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SURGERY: But Can Kadri Still Return? Longtime Hockey Doctor Thinks So

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Nazem Kadri

EDMONTON, ALBERTA – Seven to 10 days. That’s what one longtime sports doctor told me Nazem Kadri should realistically only miss after having surgery on his right thumb today in Denver. But is that too optimistic?

If it were only 10 days that Kadri misses, that would still put Kadri in the Stanley Cup Finals, which will start either June 15 or 18, Colorado Hockey Now learned earlier today.

I guess it’ll come down to: Can they rig something up so Kadri can play somehow? Because it’s surgery that was needed, it would seem that he would need a longer recovery

But I did talk to a top surgeon tonight who has performed such procedures on thumbs before, and while I can’t use his name, I can write what he said:

“For a Cup final, we would almost for sure have a guy play with it. So even (in my opinion) if not as effective in faceoffs and scoring, it would be more important to have him out there than on the bench. Likely, 7-10 days.”

Jack Eichel played the last six weeks of the regular season with a broken thumb for the Vegas Golden Knights. But, apparently, he was able to do so because he did not need surgery on it. It was a “non-displaced” injury to the thumb. The surgery performed on Kadri today in Denver would strongly suggest there was displacement of the joint.

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Still, my surgeon – who is very legit, I promise – said, “Guranteed, 20 year ago we’d have him playing.”

The Avs put Mikko Rantanen as a second-line center tonight in Game 4 here in Edmonton, with Andre Burakovsky and Artturi Lehkonen next to him.

The Avs are really going to miss Kadri’s play away from the puck, almost as much with it. He’s a strong defender who wins faceoffs and gets in guys’ faces. He also put up more than a point per game on the season.

It’s a big loss, no matter how you slice it.

But maybe – maybe – he’ll still be back. Darren Dreger first reported news of the surgery today, and he also said Kadri has not been ruled out for the Cup Finals – if the Avs get that far, of course.

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Adrian Dater - Kiss and Larry Bird fan. Writer with @Gambling and @Bookies, Avs Insider with 104.3 The Fan. Denver Post, SI, Bleacher Report alum, author of seven books.

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Donald Victory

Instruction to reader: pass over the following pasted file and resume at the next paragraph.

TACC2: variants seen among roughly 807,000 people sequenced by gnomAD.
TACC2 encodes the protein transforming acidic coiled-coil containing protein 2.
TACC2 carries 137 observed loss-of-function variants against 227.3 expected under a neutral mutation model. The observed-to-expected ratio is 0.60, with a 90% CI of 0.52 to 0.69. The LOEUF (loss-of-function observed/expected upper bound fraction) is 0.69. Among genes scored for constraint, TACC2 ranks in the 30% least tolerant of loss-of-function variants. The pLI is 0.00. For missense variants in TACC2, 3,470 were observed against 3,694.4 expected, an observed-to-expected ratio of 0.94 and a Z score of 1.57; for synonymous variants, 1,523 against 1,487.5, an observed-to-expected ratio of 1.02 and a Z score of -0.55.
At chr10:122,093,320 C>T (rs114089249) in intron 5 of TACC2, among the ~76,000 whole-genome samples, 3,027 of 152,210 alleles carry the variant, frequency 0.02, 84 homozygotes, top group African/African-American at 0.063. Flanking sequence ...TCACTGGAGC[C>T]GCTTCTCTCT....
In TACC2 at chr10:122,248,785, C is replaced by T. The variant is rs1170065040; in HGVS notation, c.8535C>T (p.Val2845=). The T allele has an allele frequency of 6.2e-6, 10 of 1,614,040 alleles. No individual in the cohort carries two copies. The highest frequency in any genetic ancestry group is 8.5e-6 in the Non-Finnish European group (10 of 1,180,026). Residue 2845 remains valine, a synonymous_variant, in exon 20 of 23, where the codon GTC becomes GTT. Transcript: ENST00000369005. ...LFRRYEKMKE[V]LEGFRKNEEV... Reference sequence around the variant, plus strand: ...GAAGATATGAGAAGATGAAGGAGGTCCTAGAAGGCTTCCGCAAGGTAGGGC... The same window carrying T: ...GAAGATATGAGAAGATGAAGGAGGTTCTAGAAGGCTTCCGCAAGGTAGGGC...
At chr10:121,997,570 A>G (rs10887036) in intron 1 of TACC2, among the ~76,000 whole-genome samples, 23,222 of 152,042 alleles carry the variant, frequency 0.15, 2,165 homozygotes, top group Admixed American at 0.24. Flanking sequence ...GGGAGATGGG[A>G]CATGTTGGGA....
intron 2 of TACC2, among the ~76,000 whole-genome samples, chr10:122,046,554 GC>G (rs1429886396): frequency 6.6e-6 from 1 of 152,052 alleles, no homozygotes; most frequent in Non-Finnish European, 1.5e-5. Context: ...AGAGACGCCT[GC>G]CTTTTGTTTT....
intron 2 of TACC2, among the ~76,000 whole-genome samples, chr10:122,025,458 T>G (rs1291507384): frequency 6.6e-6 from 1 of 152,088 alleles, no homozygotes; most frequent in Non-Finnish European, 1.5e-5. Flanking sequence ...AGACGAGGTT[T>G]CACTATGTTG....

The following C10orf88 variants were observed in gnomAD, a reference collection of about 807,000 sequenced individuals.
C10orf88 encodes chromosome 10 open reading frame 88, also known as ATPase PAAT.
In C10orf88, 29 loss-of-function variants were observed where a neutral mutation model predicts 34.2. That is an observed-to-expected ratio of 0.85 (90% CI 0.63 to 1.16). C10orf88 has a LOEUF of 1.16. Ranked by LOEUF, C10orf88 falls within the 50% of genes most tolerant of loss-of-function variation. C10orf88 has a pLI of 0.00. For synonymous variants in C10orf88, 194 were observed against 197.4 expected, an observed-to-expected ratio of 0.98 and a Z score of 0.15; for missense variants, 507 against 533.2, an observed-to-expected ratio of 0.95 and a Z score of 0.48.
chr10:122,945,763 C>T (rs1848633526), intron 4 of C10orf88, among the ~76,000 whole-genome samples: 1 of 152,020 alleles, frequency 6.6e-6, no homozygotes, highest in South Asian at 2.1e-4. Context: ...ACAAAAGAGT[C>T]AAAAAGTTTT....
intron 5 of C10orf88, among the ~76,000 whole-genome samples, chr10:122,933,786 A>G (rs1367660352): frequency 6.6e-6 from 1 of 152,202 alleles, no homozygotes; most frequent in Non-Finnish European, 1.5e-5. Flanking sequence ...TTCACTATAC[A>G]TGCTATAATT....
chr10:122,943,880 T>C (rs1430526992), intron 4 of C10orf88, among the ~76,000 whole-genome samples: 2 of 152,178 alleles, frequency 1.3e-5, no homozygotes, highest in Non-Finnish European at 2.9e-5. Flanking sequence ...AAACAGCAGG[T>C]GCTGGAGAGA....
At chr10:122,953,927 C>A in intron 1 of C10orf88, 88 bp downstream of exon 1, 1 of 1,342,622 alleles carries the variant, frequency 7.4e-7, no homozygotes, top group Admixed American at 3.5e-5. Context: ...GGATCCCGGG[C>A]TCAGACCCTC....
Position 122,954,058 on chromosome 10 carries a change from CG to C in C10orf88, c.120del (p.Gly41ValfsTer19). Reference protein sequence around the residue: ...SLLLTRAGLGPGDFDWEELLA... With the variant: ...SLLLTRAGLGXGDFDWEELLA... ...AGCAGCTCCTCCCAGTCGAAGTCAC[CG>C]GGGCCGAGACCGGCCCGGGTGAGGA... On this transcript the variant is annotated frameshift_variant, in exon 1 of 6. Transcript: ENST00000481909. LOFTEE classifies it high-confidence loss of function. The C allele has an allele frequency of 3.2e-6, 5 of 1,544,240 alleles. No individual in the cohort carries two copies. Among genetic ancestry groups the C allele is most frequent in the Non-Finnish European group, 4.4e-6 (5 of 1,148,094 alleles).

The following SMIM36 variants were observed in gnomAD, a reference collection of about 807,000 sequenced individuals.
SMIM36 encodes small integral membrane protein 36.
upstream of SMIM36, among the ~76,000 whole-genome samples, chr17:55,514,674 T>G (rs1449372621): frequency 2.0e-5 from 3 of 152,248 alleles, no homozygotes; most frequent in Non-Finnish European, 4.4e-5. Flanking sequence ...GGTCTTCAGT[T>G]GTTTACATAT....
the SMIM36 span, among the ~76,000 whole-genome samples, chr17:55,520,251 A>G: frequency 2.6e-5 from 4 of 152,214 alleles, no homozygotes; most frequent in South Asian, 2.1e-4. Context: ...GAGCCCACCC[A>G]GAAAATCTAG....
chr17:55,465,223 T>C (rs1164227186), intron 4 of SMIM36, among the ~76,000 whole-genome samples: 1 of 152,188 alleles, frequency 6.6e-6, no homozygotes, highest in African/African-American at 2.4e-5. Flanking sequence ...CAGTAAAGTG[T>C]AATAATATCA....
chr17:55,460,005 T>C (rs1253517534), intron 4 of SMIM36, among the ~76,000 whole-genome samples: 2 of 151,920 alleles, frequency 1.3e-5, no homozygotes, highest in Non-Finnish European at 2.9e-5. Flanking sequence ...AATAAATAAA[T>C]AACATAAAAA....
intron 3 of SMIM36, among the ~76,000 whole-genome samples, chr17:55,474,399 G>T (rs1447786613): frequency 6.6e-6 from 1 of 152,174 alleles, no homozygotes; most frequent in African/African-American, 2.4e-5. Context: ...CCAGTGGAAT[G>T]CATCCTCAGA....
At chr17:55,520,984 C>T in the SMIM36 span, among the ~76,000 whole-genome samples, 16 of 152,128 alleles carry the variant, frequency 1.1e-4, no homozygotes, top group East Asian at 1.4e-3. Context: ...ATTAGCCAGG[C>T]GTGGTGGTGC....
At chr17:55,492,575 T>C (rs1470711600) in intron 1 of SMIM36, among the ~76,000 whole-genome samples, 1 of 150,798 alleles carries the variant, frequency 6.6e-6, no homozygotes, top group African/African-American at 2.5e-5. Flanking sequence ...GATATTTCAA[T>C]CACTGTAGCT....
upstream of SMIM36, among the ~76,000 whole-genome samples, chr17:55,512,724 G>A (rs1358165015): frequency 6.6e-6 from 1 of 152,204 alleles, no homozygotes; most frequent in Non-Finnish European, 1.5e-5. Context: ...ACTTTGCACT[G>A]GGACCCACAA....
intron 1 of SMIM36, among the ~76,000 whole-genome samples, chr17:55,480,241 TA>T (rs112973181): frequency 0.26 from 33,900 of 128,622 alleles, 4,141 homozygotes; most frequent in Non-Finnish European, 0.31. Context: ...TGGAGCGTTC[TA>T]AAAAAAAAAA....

How exactly do you break a thumb? Odd. Unless it was a slash earlier?

hockeyhacker5

On the replay it looked like Kane’s skate hit Kadri’s glove. That might have done it.

Ricardo

The boards are hard

Aaron Rud

Pretty easy. He got slammed into the boards.

Tyler Rowse

I’ve dislocated my thumb on the same fall playing inline hockey. Hockey gloves have close to zero flexibility in the thumbs so if you fall like that into the boards you can’t stretch your thumb out to brace the impact like you normally would.

Jeremy Barton

Soooo…we’re hoping that NY/Tampa go 7 games?!? Making game 1 around the 16th? 10 days to heal.

kimjongwil

IF Naz is able to play at some point in the finals albeit at <100% effectiveness, is that the preference over a depth player that is relatively 100% healthy? Tough choices ahead for Bedsy.

dp10

I think so! Look at what Draisaitl did with practically one healthy leg. And while the importance of a thumb shall not be underestimated with regard to stick control, I get the sense that they can find a fix to get him ready!

Bob Neal

Agreed. BTW, how is the nuclear missle testing program going? I haven’t seen many updates lately.

Peter North

Weird. I believe it would be very difficult to break one of the two bones in the thumb. That being said, I suspect what happened was a dislocation at the hand joint, and surgery was required as the faster way to heal whatever was torn at the attachment. I cannot stand using unprecise and layman terms when discussing matters. So, what is the truth? A broken thumb in lay terms could be a broken bone in the thumb, one or the other usually, unless you are in being tortured with a hammer and both are crushed, or a major industrial… Read more »

Last edited 5 months ago by Peter North

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